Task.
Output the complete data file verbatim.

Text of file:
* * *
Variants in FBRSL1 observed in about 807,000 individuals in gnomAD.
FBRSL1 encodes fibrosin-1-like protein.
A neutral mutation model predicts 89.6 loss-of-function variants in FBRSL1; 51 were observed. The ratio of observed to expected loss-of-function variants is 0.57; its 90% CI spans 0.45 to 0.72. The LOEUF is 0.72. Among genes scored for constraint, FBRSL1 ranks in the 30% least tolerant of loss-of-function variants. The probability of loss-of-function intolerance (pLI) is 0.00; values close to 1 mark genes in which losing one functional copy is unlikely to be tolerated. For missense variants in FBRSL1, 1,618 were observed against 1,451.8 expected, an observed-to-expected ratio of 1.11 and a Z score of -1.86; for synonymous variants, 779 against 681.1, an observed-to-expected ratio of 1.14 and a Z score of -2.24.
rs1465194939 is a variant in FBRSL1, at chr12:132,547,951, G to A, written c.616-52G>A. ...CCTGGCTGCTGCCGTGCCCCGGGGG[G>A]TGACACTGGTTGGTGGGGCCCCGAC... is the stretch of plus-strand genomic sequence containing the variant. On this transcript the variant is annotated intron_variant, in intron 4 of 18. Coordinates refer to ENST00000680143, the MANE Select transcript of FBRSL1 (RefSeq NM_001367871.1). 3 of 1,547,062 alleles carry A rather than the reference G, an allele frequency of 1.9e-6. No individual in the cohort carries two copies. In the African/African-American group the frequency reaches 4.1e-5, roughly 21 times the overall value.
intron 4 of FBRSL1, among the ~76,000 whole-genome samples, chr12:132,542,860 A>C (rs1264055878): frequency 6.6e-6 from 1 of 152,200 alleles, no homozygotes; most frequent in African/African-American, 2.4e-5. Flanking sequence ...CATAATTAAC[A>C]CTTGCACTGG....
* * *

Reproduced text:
Variants in FBRSL1 observed in about 807,000 individuals in gnomAD.
FBRSL1 encodes fibrosin-1-like protein.
A neutral mutation model predicts 89.6 loss-of-function variants in FBRSL1; 51 were observed. The ratio of observed to expected loss-of-function variants is 0.57; its 90% CI spans 0.45 to 0.72. The LOEUF is 0.72. Among genes scored for constraint, FBRSL1 ranks in the 30% least tolerant of loss-of-function variants. The probability of loss-of-function intolerance (pLI) is 0.00; values close to 1 mark genes in which losing one functional copy is unlikely to be tolerated. For missense variants in FBRSL1, 1,618 were observed against 1,451.8 expected, an observed-to-expected ratio of 1.11 and a Z score of -1.86; for synonymous variants, 779 against 681.1, an observed-to-expected ratio of 1.14 and a Z score of -2.24.
rs1465194939 is a variant in FBRSL1, at chr12:132,547,951, G to A, written c.616-52G>A. ...CCTGGCTGCTGCCGTGCCCCGGGGG[G>A]TGACACTGGTTGGTGGGGCCCCGAC... is the stretch of plus-strand genomic sequence containing the variant. On this transcript the variant is annotated intron_variant, in intron 4 of 18. Coordinates refer to ENST00000680143, the MANE Select transcript of FBRSL1 (RefSeq NM_001367871.1). 3 of 1,547,062 alleles carry A rather than the reference G, an allele frequency of 1.9e-6. No individual in the cohort carries two copies. In the African/African-American group the frequency reaches 4.1e-5, roughly 21 times the overall value.
intron 4 of FBRSL1, among the ~76,000 whole-genome samples, chr12:132,542,860 A>C (rs1264055878): frequency 6.6e-6 from 1 of 152,200 alleles, no homozygotes; most frequent in African/African-American, 2.4e-5. Flanking sequence ...CATAATTAAC[A>C]CTTGCACTGG....